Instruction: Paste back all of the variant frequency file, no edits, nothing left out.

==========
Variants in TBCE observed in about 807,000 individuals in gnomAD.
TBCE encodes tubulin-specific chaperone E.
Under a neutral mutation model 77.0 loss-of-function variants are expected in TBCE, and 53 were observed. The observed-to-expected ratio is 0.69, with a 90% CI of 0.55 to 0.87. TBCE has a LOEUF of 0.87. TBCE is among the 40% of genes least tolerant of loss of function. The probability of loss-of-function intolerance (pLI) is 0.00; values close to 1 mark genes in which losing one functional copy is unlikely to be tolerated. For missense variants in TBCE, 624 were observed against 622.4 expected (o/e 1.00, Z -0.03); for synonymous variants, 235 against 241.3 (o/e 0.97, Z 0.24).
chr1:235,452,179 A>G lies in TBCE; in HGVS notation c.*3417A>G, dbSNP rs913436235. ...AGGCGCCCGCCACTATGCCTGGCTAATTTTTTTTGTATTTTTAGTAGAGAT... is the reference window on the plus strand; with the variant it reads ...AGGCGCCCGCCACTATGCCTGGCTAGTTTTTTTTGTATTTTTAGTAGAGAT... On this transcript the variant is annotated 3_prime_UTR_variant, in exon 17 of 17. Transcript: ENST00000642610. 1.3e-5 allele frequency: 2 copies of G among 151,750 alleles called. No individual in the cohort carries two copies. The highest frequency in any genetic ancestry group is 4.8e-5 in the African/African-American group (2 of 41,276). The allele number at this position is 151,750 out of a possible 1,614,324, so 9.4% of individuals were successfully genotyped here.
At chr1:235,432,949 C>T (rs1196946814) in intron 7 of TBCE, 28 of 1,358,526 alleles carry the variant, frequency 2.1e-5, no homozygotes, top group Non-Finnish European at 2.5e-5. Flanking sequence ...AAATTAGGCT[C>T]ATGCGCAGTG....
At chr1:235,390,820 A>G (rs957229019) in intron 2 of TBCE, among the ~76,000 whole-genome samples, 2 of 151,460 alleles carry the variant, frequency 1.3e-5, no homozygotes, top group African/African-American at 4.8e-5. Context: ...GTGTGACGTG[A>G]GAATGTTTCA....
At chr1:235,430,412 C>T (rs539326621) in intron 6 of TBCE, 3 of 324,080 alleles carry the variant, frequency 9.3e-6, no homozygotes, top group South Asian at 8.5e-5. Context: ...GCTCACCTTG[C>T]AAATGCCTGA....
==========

Variants in TBCE observed in about 807,000 individuals in gnomAD.
TBCE encodes tubulin-specific chaperone E.
Under a neutral mutation model 77.0 loss-of-function variants are expected in TBCE, and 53 were observed. The observed-to-expected ratio is 0.69, with a 90% CI of 0.55 to 0.87. TBCE has a LOEUF of 0.87. TBCE is among the 40% of genes least tolerant of loss of function. The probability of loss-of-function intolerance (pLI) is 0.00; values close to 1 mark genes in which losing one functional copy is unlikely to be tolerated. For missense variants in TBCE, 624 were observed against 622.4 expected (o/e 1.00, Z -0.03); for synonymous variants, 235 against 241.3 (o/e 0.97, Z 0.24).
chr1:235,452,179 A>G lies in TBCE; in HGVS notation c.*3417A>G, dbSNP rs913436235. ...AGGCGCCCGCCACTATGCCTGGCTAATTTTTTTTGTATTTTTAGTAGAGAT... is the reference window on the plus strand; with the variant it reads ...AGGCGCCCGCCACTATGCCTGGCTAGTTTTTTTTGTATTTTTAGTAGAGAT... On this transcript the variant is annotated 3_prime_UTR_variant, in exon 17 of 17. Transcript: ENST00000642610. 1.3e-5 allele frequency: 2 copies of G among 151,750 alleles called. No individual in the cohort carries two copies. The highest frequency in any genetic ancestry group is 4.8e-5 in the African/African-American group (2 of 41,276). The allele number at this position is 151,750 out of a possible 1,614,324, so 9.4% of individuals were successfully genotyped here.
At chr1:235,432,949 C>T (rs1196946814) in intron 7 of TBCE, 28 of 1,358,526 alleles carry the variant, frequency 2.1e-5, no homozygotes, top group Non-Finnish European at 2.5e-5. Flanking sequence ...AAATTAGGCT[C>T]ATGCGCAGTG....
At chr1:235,390,820 A>G (rs957229019) in intron 2 of TBCE, among the ~76,000 whole-genome samples, 2 of 151,460 alleles carry the variant, frequency 1.3e-5, no homozygotes, top group African/African-American at 4.8e-5. Context: ...GTGTGACGTG[A>G]GAATGTTTCA....
At chr1:235,430,412 C>T (rs539326621) in intron 6 of TBCE, 3 of 324,080 alleles carry the variant, frequency 9.3e-6, no homozygotes, top group South Asian at 8.5e-5. Context: ...GCTCACCTTG[C>T]AAATGCCTGA....